Paedophile Darren Vickers who killed Jamie Lavis and befriended parents could soon be free | UK | News | #childabductors


A paedophile bus driver who murdered an eight-year-old boy before befriending the child’s parents could be released from prison within weeks. Darren Vickers was given a life sentence for the May 1997 abduction and murder of eight-year-old Jamie Lavis, a schoolboy from Openshaw, Greater Manchester, who he groomed and snatched after he boarded the bus he was driving.

Now 56, he has already served his minimum 25-year-period behind bars, and he could be released as early as February.

Jamie vanished on a bank holiday Monday and his body was only discovered two years later.

In the days after his disappearance Vickers played the part of an innocent bus driver who was haunted by the knowledge that he was the last person to see the boy before he went missing.

Vickers went on TV to speak for Jamie’s parents and urged the public to help find him and took part in searches which he knew would be fruitless.

The sick killer even moved in with Mr and Mrs Lavis and slept in their bed, with them sleeping on the sofa.

This meant that having tricked Jamie into staying on his bus all day, before sexually assaulting and murdering him, the paedophile could revel in his parents’ torment for months, while staying updated on the police investigation.

The Manchester Evening News reports that the Parole Board will spend a day assessing Vickers case early next year.

At the time of Jamie’s murder detectives said that Vickers would have killed again if he had not been brought to justice.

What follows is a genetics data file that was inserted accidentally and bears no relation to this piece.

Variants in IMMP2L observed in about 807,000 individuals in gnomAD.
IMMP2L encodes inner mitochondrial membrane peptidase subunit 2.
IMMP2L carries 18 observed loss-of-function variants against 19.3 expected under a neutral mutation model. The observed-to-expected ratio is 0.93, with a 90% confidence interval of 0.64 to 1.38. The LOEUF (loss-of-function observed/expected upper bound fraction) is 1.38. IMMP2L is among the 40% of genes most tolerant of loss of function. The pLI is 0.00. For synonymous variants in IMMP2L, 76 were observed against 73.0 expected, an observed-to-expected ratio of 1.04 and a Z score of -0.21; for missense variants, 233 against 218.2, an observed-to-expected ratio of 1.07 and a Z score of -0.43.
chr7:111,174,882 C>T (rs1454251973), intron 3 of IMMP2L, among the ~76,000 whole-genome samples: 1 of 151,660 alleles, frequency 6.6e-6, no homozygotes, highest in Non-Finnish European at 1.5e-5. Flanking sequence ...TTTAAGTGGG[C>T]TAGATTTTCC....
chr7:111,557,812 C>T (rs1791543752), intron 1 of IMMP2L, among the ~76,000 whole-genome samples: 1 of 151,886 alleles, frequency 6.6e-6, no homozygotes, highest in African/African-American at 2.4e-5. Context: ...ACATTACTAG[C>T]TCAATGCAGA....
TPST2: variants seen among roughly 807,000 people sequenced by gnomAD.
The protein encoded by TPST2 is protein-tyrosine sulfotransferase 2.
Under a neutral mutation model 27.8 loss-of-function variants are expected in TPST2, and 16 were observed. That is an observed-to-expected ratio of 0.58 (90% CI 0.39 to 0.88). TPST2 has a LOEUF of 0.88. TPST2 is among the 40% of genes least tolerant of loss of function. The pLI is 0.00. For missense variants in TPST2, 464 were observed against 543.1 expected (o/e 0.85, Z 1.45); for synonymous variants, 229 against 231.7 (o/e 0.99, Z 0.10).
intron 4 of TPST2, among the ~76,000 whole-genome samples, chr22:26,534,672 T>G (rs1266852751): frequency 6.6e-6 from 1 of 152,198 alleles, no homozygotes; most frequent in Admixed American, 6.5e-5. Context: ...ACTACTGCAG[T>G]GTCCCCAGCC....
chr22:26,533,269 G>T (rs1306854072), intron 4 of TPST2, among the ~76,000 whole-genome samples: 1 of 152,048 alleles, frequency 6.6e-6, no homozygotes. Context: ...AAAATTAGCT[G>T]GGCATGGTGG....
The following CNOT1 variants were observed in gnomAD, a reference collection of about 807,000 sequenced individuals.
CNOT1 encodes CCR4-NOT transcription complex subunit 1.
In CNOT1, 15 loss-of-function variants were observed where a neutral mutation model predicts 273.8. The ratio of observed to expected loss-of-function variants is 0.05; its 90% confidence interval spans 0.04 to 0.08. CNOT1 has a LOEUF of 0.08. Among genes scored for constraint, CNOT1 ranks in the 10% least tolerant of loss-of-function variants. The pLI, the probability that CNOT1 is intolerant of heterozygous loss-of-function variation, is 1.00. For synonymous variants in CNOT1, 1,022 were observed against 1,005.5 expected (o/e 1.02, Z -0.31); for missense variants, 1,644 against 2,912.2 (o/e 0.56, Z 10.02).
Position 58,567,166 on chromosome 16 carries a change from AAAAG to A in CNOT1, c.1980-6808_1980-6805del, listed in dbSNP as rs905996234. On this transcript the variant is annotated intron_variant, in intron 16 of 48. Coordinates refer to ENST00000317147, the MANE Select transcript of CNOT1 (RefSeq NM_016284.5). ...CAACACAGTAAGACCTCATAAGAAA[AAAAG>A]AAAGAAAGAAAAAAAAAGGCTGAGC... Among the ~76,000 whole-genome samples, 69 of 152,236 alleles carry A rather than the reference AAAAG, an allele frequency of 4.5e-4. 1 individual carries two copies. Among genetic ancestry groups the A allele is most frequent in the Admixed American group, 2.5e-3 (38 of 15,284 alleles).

Speaking to the M.E.N., former police officer Asif Hussain, 60, who was the Lavis family’s family liaison officer, says he never trusted Vickers – and argues he should never be freed.

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Mr Hussain said: “Vickers will be a danger to children for the rest of his life.

“He was a married man with two children of his own and yet he was able to take the life of another child. He can never be rehabilitated in my opinion.”

“Darren Vickers was a very manipulative person,” Mr Hussain added.

“I thought that the first time I met him. I knew he was a wrong ‘un straight away. I went to the detective in charge and told him Vickers had done it. At the time I had two young children of my own.

“It was a very stressful time. I had to deal with the family and at the same time deal with Vickers, who had moved in. It was awful. I pretended to be his friend. I could not be nasty to him otherwise the family would have told me to leave. I couldn’t leave. I had to keep an eye on what was going on.”

When Vickers was jailed, Jamie’s mother Karen told the M.E.N.: “I was destroyed when Jamie went missing and when I found out he was dead. For five months I lived through pure hell wondering what had happened to him. My life was in limbo, and I was helpless.”

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Jamie’s remains were found in undergrowth at Reddish Vale, Greater Manchester, in 1999.

Vickers was jailed for life, with a minimum prison term of 25 years.

In 2018 a TV documentary called Faking It: Tears Of A Crime, examined how the killer tried to get away with what he had done.

A Parole Board spokesman said: “An oral hearing has been listed for the parole review of Darren Vickers and is scheduled to take place in February 2023.

“Parole Board decisions are solely focused on what risk a prisoner could represent to the public if released and whether that risk is manageable in the community.

“A panel will carefully examine a huge range of evidence, including details of the original crime, and any evidence of behaviour change, as well as explore the harm done and impact the crime has had on the victims.”



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